Every day the poet takes the same walk and, truly, that’s all—perfect unity of action, time, place, straight out of Greek tragedy. But not only those pilgrimages occur in a state of porousness so acute, that they open upon a landscape of infinite breadth and depth. As we said, they also don’t abide by dimensional linearity—they overlap, crisscross, niche within each other. They become a set of Chinese boxes, a Rubik’s cube, a charade. They are a labyrinth the poet inhabits with nonchalance, as not only she made it of her own design. She also holds the keys.

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There’s no risk of monotony, then. On the contrary, alertness is necessarily aroused as we try to follow the journey in its spirals and figure eights, paying heed to small clues that might be crucial landmarks, easing ourselves through adjacent yet discrete domains of experience. Alertness is required—attention, which indeed is the number one tool, the initiator.

On her path from the house to the ocean the poet pays attention to things. Very small ones—the imprint left on sand by the tiniest rock. Very large—“ocean and sky, unobstructed, as far as she could see”. Unobstructed, her attention, so intense that sometimes she has to “stop and stare,” trapped within a pose/pause, a “gap in her experience,” which is clearly the trigger of deeper insight. We can easily see her. Pause. Throbbing immobility, vivid calmness, vibrant instant of ecstasy.

She slows down. She stops whenever she feels like. She looks carefully and she keenly listens to sounds, but these walks are neither contemplative nor meditative. They are filled with purpose, active and determined, brave. They possess a festina lente kind of urgency. Calmly yet relentlessly, the poet forges something out of them—she molds them into the shape they firmly suggest, as if following a recipe.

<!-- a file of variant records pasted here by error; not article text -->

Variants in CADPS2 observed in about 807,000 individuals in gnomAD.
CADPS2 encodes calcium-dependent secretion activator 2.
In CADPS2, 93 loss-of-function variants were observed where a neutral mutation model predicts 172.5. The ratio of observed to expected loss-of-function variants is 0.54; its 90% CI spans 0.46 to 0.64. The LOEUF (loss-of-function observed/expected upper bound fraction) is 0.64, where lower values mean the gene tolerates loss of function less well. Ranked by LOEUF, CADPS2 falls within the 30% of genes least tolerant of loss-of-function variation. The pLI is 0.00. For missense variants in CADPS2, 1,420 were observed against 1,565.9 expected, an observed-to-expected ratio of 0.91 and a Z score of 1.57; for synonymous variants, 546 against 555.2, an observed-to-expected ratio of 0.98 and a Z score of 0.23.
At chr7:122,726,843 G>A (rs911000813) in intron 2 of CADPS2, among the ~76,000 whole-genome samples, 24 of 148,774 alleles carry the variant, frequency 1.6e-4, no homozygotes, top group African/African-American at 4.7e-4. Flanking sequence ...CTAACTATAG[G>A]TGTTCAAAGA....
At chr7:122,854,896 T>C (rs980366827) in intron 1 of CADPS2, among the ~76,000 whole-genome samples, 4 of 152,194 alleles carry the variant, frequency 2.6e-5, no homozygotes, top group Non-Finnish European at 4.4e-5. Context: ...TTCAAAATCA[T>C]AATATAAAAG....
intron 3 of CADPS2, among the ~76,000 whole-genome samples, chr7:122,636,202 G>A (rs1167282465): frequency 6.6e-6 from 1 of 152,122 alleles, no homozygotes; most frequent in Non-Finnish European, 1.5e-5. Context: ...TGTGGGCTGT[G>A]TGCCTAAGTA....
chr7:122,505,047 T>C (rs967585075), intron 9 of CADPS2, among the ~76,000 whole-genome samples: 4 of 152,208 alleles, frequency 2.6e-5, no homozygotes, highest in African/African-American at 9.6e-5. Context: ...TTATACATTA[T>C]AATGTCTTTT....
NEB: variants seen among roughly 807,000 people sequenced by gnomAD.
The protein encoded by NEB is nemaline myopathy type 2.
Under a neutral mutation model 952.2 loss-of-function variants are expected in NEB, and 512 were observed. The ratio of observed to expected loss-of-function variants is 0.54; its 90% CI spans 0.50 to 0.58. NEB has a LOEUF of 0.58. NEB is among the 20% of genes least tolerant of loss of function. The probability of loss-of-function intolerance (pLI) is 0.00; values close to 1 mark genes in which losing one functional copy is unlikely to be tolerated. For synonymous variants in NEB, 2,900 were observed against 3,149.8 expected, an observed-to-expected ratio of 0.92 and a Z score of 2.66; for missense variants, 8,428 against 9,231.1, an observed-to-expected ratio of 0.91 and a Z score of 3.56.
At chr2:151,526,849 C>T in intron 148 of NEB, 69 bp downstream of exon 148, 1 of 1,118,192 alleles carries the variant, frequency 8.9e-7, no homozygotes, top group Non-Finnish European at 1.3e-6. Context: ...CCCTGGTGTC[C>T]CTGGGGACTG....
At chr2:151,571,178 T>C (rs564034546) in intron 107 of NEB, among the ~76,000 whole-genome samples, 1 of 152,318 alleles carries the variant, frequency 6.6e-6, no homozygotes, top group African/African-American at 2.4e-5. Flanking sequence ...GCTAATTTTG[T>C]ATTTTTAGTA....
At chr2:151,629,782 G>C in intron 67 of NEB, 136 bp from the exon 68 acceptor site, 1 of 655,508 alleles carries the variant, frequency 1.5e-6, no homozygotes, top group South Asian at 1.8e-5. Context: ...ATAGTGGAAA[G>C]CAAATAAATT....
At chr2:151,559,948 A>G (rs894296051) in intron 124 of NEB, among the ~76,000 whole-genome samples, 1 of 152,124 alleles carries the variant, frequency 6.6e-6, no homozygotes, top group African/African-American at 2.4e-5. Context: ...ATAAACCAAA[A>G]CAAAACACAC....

No monotony or reiteration, no ritual—at least not in its ‘routine’ sense. No erratic wandering or sightseeing tour either. There is an arc traversing the spiraling motion, leading from point A to point B. There’s a learning curve, a dialectic process culminating, of course, with a change.

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It all starts with a spill of sorts. Poem III, “Journey”: “She had a flair for excess/that combined with a peculiar sense of direction/to produce, now and again/exquisite flights of imagination.” Final poem: “Now she was crossing the bridge/into a world that was the result of such excess. This was her poem”. This was ‘her book,’ born of the initial surplus. Of what? I believe it was language overflowing, seeking its written form—uncoated poetry in need of manifestation. The entire text is an intimation to write and a ‘how to’—therefore an ars poetica.